*** Our letter from a member of the clergy brought an outpouring of correspondence. Apparently, many members of the First Estate did not agree with the letter from the Midwest pastor who urged us to stop kibitzing and have more faith. We include a couple of responses here.

*** "In reference to the letter from a minister who thought you should have more faith and stop being so negative…well, what else would you expect from him? Faith is a minister’s currency – it’s his job to keep believing despite a lack of evidence, and even to believe in the face of evidence that contradicts his position.

"America at the moment, with its faith-based currency,
faith-based economy and faith-based government, might be a heaven for those who love faith, but it’s a hell for those of us that respect evidence.

"As an atheist I have little respect for faith and much prefer following the evidence. From my perspective, you guys face the harsh economic realities daily and point out the evidence accurately for whoever has the sense to listen. In my opinion, you manage to do all this despite the handicap of being Christians and thus having been trained since childhood to treat faith as a virtue."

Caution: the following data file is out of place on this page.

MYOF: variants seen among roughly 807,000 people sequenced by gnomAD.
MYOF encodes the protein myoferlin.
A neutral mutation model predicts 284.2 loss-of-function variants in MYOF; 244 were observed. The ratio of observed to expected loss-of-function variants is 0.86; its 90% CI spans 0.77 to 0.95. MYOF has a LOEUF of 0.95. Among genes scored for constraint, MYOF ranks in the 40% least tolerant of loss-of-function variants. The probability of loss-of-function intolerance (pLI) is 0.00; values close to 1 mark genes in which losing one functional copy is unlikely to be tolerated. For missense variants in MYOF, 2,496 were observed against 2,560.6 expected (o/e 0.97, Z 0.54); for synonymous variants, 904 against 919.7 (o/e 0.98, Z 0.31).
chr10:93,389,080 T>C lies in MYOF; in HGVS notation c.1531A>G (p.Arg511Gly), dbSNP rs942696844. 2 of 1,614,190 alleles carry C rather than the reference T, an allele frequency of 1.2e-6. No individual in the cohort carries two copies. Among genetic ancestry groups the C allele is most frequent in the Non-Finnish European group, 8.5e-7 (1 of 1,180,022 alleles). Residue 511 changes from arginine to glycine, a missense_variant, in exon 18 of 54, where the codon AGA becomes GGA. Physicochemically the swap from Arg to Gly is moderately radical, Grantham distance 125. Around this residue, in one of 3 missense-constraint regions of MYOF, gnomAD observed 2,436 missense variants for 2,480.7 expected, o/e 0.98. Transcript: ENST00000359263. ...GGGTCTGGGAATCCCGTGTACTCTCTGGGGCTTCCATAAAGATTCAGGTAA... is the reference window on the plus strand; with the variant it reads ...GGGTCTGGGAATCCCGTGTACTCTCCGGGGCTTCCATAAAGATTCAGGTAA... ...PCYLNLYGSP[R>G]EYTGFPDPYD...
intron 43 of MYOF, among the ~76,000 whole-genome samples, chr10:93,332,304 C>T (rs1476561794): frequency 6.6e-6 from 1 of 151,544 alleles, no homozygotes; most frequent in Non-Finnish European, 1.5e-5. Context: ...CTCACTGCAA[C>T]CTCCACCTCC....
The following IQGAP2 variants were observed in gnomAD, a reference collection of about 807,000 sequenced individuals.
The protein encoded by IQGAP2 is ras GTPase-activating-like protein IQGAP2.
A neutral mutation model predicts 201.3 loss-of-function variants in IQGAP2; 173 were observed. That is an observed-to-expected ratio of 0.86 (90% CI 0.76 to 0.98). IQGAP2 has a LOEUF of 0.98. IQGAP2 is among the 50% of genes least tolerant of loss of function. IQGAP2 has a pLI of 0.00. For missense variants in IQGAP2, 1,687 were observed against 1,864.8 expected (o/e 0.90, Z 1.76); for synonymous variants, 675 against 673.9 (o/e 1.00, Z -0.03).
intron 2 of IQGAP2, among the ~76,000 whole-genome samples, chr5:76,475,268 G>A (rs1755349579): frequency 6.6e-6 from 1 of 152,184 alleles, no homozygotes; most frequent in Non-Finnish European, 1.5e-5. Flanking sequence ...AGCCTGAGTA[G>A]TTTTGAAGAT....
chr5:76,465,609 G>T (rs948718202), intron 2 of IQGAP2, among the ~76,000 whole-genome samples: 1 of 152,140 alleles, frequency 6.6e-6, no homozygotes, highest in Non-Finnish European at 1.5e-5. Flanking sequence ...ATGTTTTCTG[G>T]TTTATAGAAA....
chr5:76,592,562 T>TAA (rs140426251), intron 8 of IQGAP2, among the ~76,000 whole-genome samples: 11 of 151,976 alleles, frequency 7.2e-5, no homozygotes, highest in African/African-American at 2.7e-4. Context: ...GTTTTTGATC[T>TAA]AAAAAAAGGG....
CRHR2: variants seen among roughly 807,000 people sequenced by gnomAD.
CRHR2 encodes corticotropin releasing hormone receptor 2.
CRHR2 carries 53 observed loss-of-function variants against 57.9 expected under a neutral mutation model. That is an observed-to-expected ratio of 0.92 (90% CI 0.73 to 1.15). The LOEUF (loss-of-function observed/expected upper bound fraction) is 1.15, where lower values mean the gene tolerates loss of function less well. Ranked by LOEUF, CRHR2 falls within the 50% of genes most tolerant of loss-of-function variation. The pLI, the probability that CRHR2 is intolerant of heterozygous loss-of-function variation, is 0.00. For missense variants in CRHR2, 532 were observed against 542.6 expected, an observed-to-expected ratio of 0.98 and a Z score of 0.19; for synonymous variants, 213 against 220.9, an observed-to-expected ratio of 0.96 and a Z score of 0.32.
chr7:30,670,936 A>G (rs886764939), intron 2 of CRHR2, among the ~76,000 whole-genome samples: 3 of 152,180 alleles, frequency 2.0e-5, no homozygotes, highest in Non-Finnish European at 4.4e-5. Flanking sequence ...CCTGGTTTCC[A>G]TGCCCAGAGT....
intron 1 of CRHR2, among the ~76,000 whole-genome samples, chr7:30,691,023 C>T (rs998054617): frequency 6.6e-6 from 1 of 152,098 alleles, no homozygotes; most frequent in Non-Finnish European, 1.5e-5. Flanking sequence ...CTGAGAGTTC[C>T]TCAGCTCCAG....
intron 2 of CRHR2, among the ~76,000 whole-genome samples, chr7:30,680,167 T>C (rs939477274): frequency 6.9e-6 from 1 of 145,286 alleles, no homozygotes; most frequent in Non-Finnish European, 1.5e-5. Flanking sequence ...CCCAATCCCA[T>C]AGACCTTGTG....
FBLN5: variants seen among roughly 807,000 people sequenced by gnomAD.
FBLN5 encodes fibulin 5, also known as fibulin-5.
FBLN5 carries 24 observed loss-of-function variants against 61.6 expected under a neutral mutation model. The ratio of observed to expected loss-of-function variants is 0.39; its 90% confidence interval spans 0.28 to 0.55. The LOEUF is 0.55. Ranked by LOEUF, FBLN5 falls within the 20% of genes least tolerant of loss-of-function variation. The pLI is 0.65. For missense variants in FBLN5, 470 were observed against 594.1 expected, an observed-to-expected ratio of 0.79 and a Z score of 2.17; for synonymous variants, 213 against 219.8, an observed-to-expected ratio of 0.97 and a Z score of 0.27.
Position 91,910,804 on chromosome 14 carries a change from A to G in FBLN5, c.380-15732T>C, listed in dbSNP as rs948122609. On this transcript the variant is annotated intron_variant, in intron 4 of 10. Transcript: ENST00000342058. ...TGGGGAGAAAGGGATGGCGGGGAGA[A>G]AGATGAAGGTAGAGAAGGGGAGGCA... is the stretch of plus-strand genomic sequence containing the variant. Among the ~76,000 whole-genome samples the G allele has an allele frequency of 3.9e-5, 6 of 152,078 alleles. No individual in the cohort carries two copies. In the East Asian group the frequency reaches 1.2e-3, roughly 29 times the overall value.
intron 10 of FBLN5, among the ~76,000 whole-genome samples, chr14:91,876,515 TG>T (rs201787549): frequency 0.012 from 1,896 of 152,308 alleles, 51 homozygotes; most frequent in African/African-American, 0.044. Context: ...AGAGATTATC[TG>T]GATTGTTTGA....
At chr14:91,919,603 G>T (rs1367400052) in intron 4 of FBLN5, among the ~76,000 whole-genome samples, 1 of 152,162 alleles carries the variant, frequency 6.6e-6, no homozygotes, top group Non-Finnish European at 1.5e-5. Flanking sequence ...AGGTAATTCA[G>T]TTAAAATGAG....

*** "I was fascinated to hear about Pastor Nordberg’s comments regarding the future. He must be reading a different Bible than I am. Perhaps his Bible has some books missing, like the book of Proverbs. The whole point of the book of Proverbs is that what ought to happen usually does. In the short run, and in specific cases, the wicked prosper. In general – and in the long run – only diligence and hard work lead to wealth. In general, what is true for individuals is also true for nations. In general – and in the long run – nations rise and fall because they deserve to.

"The Bible is a very practical book. Things may work out for the wicked in the short term, but in the long run things work out for the righteous. What ought to happen is what eventually does happen – if not in this life, then most assuredly in the next. False faith, like false hope, is useless."

*** "Your critic is right: Things will ‘work out.’ But ‘working out’ for the people of ‘real faith’ includes trials that purge the impurities from us, and ‘working out’ for the people of ”faith’ as a cover for recklessness, greed and stupidity’ means destruction. Yes, ‘things will work out,’ and that’s why we need the warnings you provide. The warnings help us see the coming danger: Proverbs 27:12 (ESV) ‘The prudent sees danger and hides himself, but the simple go on and suffer for it.’